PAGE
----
Voluntary efforts by developing nations not subject to int'l scrutiny: Brazilian envoy

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Brazil's top negotiator at the UN climate talks said here on Thursday that developing countries have presented ambitious emissions reduction targets and their voluntary national actions should not be subject to international scrutiny.

Sergio Barbosa Serra, Brazilian ambassador for climate change, said in an interview with Xinhua that developing countries including Brazil and China have been engaged in many related actions to realize these targets.

"They have nothing to be ashamed of and are different from developed countries which have not put any numbers on the table," Serra said.

Developing countries are committed to having the negotiations concluded on the dual-track negotiation mechanism and hope to see in the next two days a satisfactory result from the talks, he said.

"I don't think 110 leaders come here to be witnesses of failure. Political bargaining will achieve the results," he added, expressing hope that the issue could be resolved by Friday.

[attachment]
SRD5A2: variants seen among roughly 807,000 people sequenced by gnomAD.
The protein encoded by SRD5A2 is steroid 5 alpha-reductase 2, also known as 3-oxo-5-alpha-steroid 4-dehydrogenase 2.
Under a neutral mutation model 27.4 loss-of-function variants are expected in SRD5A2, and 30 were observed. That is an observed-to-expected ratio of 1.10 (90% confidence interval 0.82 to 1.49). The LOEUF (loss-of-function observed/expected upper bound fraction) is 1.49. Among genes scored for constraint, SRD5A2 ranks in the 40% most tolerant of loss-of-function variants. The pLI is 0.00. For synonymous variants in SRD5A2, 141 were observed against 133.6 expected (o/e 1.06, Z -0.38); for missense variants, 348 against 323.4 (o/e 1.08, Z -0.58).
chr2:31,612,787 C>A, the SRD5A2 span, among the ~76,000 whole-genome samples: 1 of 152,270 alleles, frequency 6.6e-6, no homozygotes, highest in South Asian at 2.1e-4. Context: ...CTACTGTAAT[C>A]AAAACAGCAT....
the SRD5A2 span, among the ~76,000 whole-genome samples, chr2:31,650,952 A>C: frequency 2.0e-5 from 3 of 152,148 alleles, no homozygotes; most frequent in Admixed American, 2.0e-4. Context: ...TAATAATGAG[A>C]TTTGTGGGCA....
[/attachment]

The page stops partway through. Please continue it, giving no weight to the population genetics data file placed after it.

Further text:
The envoy said that according to the Bali Road Map, mitigation actions taken by developing countries would be "subject to measurement, verification and reporting only if" they get technology and financial support from developed countries.

"We are really concerned over the push by developed countries on having actions that we do with our own efforts and financial resources being verified, " he said.

Earlier in the day, the United States said that it was prepared to join other rich countries in raising 100 billion U.S. dollars annually by 2020 to help developing nations combat climate change.

But it set a condition that emerging countries including China should accept international monitoring on its mitigation actions, as Secretary of State Hillary Clinton called for "transparency" in the mitigation efforts by developing countries.

In that regard, Serra said "All countries including the non-Annex 1 countries have national communications which will be used to present actions transparently for all to see."

Negotiators from more than 190 countries are running against time to wrap up their 12-day talks, hoping to seal a deal to move forward the global fight against climate change before world leaders meet Friday.

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